The planning incorporates a hierarchy of spaces like open, semi-open, closed and public, semi-public, private thus ensuring multifunctional spaces. Split into two parts; Ka block (public space consisting of reception pavilion, offices, library, training areas, classrooms, prayer hall, cha shop) and Kha block (private space consisting of dormitories, staff quarters dining pavilion) are segregated through three archways ensuring privacy to dormitory residents. There are four Classrooms having a total capacity of eighty people. The two adjacent classrooms can be converted into meeting rooms. There are pavilions wherein theatre training is provided on themes like healthcare, women empowerment, child marriage thus spreading a sense of awareness among the community. These semi-open pavilions are connected through open courtyards. The dormitories are in the form of twin-share rooms and individual housing units. The female dorm has an enclosed courtyard whereas the male dorm has an open courtyard. Between dorms lie the dining pavilion supported with kitchen and servant quarters. Persistently maintaining a connection with nature and natural materials bringing in the freshness and greenery, it also accommodates modern amenities required for a comfortable stay within its minimalistic walls. Spaces are socially and psychically proportionate to induce a feeling of cosiness and domesticity.
The material selection is predominantly governed by traditional and historical references, economic constraints, and the intention of employing locally produced bricks made up of earth on site and inspiring local manufacture. The Load-bearing masonry structures on brick foundations rise as exposed brick surfaces merge with brick flat arches and true arches above the paving and flooring on the ground. The exposed local handmade brick’s imperfections give a unique texture with a sense of vernacular and homely touch. However, the project is situated in an earthquake-prone zone and submissively adopts a hybrid structure composed of sparse but vital reinforced concrete elements wherever necessary. The flooring in rooms employs locally sourced mahogany, unpolished and unvarnished, and that in the meeting rooms, offices, dining, and accommodation blocks employs a reasonable but thermally suitable stone. All surfaces including internal walls and ceilings in the complex are left unplastered and unpainted ensuring the cost of periodic maintenance remains low and practical.
Being located in Gaibandha which has a varying climate throughout the year, the structure needed to be climate responsive to all the weather conditions. Relying on cross-ventilation, the entire complex is devoid of artificial air conditioning and employs lighting through LED and energy-efficient lamps. The strategically broken pavilion-like volume allows for natural light and ventilation; and cooling further facilitated by internal courtyards, pools, and earth-covered green roofs. These green roofs act as a thermal mass reducing the solar heat throughout the year. Extending its idea to environmental sensitivity, an extensive network of septic tanks and soak wells ensure that sewage does not mix with the floodwater. The service area consisting of a laundry and pump room is situated beside the pool.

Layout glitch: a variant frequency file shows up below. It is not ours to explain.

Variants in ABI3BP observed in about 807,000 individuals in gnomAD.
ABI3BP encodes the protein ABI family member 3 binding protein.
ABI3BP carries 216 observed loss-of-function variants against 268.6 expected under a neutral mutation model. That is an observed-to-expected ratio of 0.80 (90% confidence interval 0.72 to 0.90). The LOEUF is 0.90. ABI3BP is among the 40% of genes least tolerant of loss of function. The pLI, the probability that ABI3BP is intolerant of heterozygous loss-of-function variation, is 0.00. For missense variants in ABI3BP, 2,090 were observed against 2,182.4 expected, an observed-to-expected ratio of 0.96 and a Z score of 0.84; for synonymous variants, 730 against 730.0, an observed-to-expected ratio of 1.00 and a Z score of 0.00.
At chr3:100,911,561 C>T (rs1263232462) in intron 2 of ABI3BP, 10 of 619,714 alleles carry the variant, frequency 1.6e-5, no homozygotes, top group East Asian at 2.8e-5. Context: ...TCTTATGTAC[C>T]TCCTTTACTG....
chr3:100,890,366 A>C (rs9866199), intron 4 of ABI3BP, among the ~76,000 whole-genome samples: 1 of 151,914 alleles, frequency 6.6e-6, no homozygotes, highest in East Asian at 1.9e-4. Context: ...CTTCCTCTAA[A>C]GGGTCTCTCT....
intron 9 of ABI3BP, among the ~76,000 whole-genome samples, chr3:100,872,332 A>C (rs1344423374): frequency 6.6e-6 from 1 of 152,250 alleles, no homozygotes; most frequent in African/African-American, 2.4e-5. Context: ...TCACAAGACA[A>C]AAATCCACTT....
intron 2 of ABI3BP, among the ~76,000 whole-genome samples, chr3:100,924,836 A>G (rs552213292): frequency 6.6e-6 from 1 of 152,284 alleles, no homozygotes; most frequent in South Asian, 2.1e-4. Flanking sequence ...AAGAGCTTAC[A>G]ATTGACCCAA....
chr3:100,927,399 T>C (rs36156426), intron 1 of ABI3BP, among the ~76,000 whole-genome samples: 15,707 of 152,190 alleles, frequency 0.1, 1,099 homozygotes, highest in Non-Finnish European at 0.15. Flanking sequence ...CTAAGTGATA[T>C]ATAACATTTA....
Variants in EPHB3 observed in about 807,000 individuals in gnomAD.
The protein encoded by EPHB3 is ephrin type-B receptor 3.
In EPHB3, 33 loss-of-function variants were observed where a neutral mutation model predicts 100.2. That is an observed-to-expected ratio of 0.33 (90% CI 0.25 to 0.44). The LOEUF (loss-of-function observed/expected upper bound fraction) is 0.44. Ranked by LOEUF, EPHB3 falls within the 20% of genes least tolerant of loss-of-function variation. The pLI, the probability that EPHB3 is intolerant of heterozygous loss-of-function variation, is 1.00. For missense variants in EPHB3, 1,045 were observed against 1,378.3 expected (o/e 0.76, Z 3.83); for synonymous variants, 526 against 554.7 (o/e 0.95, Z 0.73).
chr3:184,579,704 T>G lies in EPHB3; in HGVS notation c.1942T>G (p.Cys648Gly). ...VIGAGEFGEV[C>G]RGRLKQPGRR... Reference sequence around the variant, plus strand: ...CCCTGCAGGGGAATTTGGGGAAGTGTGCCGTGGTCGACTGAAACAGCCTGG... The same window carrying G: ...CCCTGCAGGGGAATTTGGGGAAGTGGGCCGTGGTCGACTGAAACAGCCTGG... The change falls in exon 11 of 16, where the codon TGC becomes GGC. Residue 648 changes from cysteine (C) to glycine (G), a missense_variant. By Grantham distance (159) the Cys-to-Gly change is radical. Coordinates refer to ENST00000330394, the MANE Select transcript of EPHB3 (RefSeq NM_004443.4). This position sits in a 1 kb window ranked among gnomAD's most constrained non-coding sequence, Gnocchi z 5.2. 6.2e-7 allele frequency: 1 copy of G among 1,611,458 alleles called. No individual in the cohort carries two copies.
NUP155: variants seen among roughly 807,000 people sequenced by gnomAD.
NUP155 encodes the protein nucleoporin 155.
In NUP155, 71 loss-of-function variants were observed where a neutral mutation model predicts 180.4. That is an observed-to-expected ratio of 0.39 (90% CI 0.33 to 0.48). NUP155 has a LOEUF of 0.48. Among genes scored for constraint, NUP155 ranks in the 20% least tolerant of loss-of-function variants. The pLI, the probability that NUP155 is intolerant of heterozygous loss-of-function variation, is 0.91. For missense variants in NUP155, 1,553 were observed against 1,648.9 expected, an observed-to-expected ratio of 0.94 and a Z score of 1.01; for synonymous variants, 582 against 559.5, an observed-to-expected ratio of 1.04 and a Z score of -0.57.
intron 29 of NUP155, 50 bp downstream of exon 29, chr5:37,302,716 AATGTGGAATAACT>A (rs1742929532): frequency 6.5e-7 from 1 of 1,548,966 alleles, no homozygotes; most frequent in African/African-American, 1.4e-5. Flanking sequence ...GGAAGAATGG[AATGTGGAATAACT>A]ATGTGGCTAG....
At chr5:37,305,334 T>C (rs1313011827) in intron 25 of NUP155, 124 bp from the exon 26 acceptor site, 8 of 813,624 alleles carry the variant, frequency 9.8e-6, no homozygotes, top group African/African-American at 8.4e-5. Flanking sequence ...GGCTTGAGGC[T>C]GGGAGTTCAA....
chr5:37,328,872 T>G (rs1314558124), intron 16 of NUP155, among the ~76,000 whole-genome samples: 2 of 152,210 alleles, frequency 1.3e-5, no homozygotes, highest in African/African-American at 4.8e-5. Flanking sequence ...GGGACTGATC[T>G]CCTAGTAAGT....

Being in a low-lying area, having heavy rainfall, it is susceptible to flooding. Moreover, low soil bearing leads to the threat of seismic activities. Having such site constraints, an extensive program with a very limited fund was almost impossible because raising the structures above flood level (a height of eight feet) was not an economically feasible option. Thus the final design relied on a surrounding embankment for flood protection while building directly on the existing soil, in load-bearing masonry thus being a cost-effective and sustainable approach. Rainwater and surface run-off are collected in internal pools and the excess is pumped to an excavated pond using a pumping facility. This pond is also used for fishery by the locals.
The Friendship Centre indicates a new point of departure in the architectural discourse of the region as very few architects attempt the challenge of working within the environmentally delicate flood plains. Building an embankment rather than lifting the structure, thus giving birth to an innovative form proved ‘Invention is the mother of necessity in architecture too’.
The centre serves and brings together some of the poorest of the poor in the country, bringing them the hope of growth; joy, and discovery.